David has a feature in EDTECH magazine that addresses the different types of teacher-bloggers that districts may be dealing with these days, and by and large, I think it gives some effective guidelines for school administrators and policy makers who may not yet understand the technology. I realize that the article is focused on the common sense “rules” that are meant to frame the practice, but I’m niggled (if that’s a word) back into the whole blogging as a verb discussion again by the way it gets framed. For instance, this piece:

Professional teacher bloggers are writing as teachers in your schools, with the intent of helping their students learn. Dr. Tim Tyson, principal of Mabry Middle School in Cobb County, Ga., says that his blogging teachers “welcome parents into their classrooms by facilitating active at-home participation in the child’s educational experiences at school.” Tyson’s teachers write about class activities, homework assignments, study guides, project and assessment reminders, and review and extension activities. They also publish exemplary student work, such as videos, podcasts, presentation slides and reports.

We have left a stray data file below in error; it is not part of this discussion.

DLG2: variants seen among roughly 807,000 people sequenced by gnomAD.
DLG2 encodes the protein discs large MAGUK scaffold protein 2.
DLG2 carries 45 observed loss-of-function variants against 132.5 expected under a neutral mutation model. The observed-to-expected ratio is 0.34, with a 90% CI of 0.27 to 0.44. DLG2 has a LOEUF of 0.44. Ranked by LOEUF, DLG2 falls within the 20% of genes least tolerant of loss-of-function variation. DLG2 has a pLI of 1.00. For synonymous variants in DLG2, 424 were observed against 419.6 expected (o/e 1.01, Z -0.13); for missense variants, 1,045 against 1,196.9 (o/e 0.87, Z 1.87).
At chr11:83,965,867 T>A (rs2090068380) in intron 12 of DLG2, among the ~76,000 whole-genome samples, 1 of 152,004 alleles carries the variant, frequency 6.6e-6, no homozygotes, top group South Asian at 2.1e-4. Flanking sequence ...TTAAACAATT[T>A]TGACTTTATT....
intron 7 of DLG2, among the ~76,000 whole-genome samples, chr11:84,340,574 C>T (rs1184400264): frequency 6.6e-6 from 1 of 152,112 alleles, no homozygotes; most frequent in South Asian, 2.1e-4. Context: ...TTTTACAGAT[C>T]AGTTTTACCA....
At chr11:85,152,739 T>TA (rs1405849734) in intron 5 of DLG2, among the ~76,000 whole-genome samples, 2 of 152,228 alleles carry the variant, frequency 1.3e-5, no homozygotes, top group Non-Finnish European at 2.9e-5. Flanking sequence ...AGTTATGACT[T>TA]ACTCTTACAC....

Blogging is a powerful communication tool, and communication is an important issue for your school or district. So how do you ensure that the professional teacher blogger is working for the good of the school and does not inadvertently damage efforts to achieve the organization’s mission?

Ok, so here’s my beef, again. Blogs are powerful communication tools. Blogs are powerful publishing tools. But blogging (the verb) is still much more than that to me. Blogging, as in reading and thinking and reflecting and then writing, is connecting and learning, neither of which are discussed in the article. (And maybe they weren’t meant to be, I know) I’m not knocking what Tim or his teachers are doing, I think it’s great. But I’m just asking the question: how are his teachers modeling the use of blogs to learn not just to teach?

I know, I know. I’ve been over this countless times. And hey, I really did let it go for a good while, you have to admit. But I can’t help it. As a recent commenter said about another subject, I expect more…


Technorati Tags: ,